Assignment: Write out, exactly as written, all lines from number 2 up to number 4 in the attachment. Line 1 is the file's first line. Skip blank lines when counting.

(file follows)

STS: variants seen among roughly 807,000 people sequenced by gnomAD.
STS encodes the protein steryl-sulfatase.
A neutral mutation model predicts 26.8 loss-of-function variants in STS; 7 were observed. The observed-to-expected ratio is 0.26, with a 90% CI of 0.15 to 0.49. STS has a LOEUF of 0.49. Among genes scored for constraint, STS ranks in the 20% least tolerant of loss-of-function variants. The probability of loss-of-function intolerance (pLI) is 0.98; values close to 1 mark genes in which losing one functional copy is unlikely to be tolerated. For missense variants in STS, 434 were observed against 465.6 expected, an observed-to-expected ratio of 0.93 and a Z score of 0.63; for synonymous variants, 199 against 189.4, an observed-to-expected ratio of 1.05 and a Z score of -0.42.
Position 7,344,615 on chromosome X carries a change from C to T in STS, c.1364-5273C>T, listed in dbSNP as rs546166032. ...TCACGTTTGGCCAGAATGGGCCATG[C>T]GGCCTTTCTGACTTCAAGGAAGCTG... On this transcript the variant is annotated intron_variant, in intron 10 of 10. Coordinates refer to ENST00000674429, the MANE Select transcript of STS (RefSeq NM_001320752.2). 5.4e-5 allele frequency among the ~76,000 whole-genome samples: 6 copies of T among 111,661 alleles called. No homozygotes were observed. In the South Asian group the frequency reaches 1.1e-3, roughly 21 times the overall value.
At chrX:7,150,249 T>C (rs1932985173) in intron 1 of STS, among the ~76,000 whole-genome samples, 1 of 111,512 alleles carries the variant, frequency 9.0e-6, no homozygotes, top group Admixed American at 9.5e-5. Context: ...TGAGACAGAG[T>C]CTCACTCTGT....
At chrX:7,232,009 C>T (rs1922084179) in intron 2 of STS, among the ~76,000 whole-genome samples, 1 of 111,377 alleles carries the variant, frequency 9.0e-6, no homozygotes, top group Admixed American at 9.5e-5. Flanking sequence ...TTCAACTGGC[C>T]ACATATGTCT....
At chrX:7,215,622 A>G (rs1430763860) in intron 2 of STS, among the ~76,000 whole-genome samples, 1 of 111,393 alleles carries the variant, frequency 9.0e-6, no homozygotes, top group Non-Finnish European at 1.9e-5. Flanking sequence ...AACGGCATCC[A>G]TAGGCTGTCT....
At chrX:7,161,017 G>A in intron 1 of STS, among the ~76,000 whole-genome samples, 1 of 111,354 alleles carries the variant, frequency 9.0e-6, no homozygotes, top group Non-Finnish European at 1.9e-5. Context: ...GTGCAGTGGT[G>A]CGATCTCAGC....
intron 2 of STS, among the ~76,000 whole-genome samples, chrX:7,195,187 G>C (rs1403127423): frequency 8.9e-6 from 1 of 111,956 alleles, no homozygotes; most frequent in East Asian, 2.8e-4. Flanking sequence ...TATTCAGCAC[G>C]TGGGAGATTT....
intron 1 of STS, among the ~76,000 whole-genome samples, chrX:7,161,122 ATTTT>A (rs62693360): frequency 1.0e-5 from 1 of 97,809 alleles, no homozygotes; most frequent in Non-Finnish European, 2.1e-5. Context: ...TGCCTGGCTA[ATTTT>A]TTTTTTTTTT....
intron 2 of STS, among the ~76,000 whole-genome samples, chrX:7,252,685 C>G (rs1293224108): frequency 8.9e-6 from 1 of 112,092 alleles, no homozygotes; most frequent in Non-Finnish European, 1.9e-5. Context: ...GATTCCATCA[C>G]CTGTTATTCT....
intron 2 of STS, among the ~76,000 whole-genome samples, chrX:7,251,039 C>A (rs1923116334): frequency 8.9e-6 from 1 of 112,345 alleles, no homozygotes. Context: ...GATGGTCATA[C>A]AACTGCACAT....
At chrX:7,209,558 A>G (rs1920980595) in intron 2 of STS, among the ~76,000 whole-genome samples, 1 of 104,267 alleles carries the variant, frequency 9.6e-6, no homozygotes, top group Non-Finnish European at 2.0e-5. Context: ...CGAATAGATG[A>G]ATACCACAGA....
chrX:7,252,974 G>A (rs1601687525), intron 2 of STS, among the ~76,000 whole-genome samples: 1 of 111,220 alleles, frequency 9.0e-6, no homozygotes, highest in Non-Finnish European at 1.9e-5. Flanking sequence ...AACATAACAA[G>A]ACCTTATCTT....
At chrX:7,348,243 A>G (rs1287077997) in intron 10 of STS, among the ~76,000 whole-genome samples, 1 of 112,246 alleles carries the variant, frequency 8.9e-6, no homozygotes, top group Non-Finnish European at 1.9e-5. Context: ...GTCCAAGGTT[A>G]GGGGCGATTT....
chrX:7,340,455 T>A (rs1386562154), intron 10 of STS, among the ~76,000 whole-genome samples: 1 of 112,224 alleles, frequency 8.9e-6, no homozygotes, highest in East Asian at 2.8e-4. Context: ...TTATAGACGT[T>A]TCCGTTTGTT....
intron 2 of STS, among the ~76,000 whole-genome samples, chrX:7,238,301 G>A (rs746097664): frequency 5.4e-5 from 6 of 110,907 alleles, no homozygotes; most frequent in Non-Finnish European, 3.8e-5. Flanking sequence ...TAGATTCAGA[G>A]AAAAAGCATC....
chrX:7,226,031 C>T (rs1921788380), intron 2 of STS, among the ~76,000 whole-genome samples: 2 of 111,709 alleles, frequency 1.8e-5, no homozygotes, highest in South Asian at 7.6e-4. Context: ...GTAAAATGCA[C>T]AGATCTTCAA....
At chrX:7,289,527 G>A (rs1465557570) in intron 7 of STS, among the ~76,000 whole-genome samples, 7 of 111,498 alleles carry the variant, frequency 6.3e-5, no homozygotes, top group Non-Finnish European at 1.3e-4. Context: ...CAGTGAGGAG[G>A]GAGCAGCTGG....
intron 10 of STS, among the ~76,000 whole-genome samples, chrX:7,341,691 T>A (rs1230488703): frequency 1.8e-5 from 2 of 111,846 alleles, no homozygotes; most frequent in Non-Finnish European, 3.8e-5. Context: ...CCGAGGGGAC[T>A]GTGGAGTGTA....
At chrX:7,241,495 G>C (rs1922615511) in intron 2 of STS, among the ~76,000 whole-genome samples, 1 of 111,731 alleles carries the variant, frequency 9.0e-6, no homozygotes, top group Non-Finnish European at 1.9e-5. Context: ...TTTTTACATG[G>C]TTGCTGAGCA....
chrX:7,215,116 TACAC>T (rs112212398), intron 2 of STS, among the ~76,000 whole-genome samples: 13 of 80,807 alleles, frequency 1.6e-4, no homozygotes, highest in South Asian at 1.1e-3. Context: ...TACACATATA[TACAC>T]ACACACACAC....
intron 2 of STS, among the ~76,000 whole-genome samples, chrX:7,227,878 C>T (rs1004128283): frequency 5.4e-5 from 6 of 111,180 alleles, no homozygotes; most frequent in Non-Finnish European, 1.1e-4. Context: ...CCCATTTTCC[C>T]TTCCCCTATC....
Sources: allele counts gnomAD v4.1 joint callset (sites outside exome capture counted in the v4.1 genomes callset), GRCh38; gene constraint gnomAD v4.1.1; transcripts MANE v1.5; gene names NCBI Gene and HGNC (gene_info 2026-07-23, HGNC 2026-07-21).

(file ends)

STS encodes the protein steryl-sulfatase.
A neutral mutation model predicts 26.8 loss-of-function variants in STS; 7 were observed. The observed-to-expected ratio is 0.26, with a 90% CI of 0.15 to 0.49. STS has a LOEUF of 0.49. Among genes scored for constraint, STS ranks in the 20% least tolerant of loss-of-function variants. The probability of loss-of-function intolerance (pLI) is 0.98; values close to 1 mark genes in which losing one functional copy is unlikely to be tolerated. For missense variants in STS, 434 were observed against 465.6 expected, an observed-to-expected ratio of 0.93 and a Z score of 0.63; for synonymous variants, 199 against 189.4, an observed-to-expected ratio of 1.05 and a Z score of -0.42.
Position 7,344,615 on chromosome X carries a change from C to T in STS, c.1364-5273C>T, listed in dbSNP as rs546166032. ...TCACGTTTGGCCAGAATGGGCCATG[C>T]GGCCTTTCTGACTTCAAGGAAGCTG... On this transcript the variant is annotated intron_variant, in intron 10 of 10. Coordinates refer to ENST00000674429, the MANE Select transcript of STS (RefSeq NM_001320752.2). 5.4e-5 allele frequency among the ~76,000 whole-genome samples: 6 copies of T among 111,661 alleles called. No homozygotes were observed. In the South Asian group the frequency reaches 1.1e-3, roughly 21 times the overall value.